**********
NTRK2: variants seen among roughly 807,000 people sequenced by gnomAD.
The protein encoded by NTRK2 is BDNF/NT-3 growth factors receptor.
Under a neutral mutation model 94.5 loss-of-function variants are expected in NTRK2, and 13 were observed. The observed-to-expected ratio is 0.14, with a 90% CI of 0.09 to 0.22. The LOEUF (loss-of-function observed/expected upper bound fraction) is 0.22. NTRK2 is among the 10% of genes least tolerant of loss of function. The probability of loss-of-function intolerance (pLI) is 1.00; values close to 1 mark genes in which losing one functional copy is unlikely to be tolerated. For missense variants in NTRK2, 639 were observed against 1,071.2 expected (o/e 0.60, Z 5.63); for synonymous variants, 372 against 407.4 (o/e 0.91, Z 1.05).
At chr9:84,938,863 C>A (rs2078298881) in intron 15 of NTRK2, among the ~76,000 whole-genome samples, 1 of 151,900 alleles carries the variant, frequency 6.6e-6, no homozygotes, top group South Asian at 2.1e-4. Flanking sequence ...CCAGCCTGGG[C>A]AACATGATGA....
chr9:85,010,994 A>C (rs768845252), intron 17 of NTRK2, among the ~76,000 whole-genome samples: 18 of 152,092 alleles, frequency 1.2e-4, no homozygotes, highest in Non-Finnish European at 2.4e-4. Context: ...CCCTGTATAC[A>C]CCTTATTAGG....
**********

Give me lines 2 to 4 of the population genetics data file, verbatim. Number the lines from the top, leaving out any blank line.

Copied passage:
The protein encoded by NTRK2 is BDNF/NT-3 growth factors receptor.
Under a neutral mutation model 94.5 loss-of-function variants are expected in NTRK2, and 13 were observed. The observed-to-expected ratio is 0.14, with a 90% CI of 0.09 to 0.22. The LOEUF (loss-of-function observed/expected upper bound fraction) is 0.22. NTRK2 is among the 10% of genes least tolerant of loss of function. The probability of loss-of-function intolerance (pLI) is 1.00; values close to 1 mark genes in which losing one functional copy is unlikely to be tolerated. For missense variants in NTRK2, 639 were observed against 1,071.2 expected (o/e 0.60, Z 5.63); for synonymous variants, 372 against 407.4 (o/e 0.91, Z 1.05).
At chr9:84,938,863 C>A (rs2078298881) in intron 15 of NTRK2, among the ~76,000 whole-genome samples, 1 of 151,900 alleles carries the variant, frequency 6.6e-6, no homozygotes, top group South Asian at 2.1e-4. Flanking sequence ...CCAGCCTGGG[C>A]AACATGATGA....